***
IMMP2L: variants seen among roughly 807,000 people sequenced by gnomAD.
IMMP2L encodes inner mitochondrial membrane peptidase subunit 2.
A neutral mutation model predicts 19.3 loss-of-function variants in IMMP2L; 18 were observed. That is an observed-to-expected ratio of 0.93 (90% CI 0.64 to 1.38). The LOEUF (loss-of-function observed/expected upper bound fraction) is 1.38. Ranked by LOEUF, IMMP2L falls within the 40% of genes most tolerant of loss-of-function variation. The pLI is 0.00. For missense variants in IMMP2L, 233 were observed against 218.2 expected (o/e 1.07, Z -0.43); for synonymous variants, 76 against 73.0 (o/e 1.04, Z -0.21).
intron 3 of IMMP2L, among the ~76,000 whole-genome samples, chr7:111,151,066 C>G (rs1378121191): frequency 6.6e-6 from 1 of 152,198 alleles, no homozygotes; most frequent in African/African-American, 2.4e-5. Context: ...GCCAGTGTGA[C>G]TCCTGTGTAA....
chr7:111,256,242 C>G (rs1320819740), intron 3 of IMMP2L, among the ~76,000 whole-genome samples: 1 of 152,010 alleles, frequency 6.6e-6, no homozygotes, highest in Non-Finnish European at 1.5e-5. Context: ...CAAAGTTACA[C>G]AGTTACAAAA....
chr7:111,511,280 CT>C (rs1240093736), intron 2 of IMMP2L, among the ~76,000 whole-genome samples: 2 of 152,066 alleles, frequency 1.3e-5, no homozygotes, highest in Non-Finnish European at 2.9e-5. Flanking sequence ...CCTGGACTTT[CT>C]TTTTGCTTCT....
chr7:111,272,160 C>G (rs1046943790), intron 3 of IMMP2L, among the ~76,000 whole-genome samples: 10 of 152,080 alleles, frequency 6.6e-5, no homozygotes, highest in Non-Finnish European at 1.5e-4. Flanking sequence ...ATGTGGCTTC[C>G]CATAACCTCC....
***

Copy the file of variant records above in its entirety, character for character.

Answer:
IMMP2L: variants seen among roughly 807,000 people sequenced by gnomAD.
IMMP2L encodes inner mitochondrial membrane peptidase subunit 2.
A neutral mutation model predicts 19.3 loss-of-function variants in IMMP2L; 18 were observed. That is an observed-to-expected ratio of 0.93 (90% CI 0.64 to 1.38). The LOEUF (loss-of-function observed/expected upper bound fraction) is 1.38. Ranked by LOEUF, IMMP2L falls within the 40% of genes most tolerant of loss-of-function variation. The pLI is 0.00. For missense variants in IMMP2L, 233 were observed against 218.2 expected (o/e 1.07, Z -0.43); for synonymous variants, 76 against 73.0 (o/e 1.04, Z -0.21).
intron 3 of IMMP2L, among the ~76,000 whole-genome samples, chr7:111,151,066 C>G (rs1378121191): frequency 6.6e-6 from 1 of 152,198 alleles, no homozygotes; most frequent in African/African-American, 2.4e-5. Context: ...GCCAGTGTGA[C>G]TCCTGTGTAA....
chr7:111,256,242 C>G (rs1320819740), intron 3 of IMMP2L, among the ~76,000 whole-genome samples: 1 of 152,010 alleles, frequency 6.6e-6, no homozygotes, highest in Non-Finnish European at 1.5e-5. Context: ...CAAAGTTACA[C>G]AGTTACAAAA....
chr7:111,511,280 CT>C (rs1240093736), intron 2 of IMMP2L, among the ~76,000 whole-genome samples: 2 of 152,066 alleles, frequency 1.3e-5, no homozygotes, highest in Non-Finnish European at 2.9e-5. Flanking sequence ...CCTGGACTTT[CT>C]TTTTGCTTCT....
chr7:111,272,160 C>G (rs1046943790), intron 3 of IMMP2L, among the ~76,000 whole-genome samples: 10 of 152,080 alleles, frequency 6.6e-5, no homozygotes, highest in Non-Finnish European at 1.5e-4. Flanking sequence ...ATGTGGCTTC[C>G]CATAACCTCC....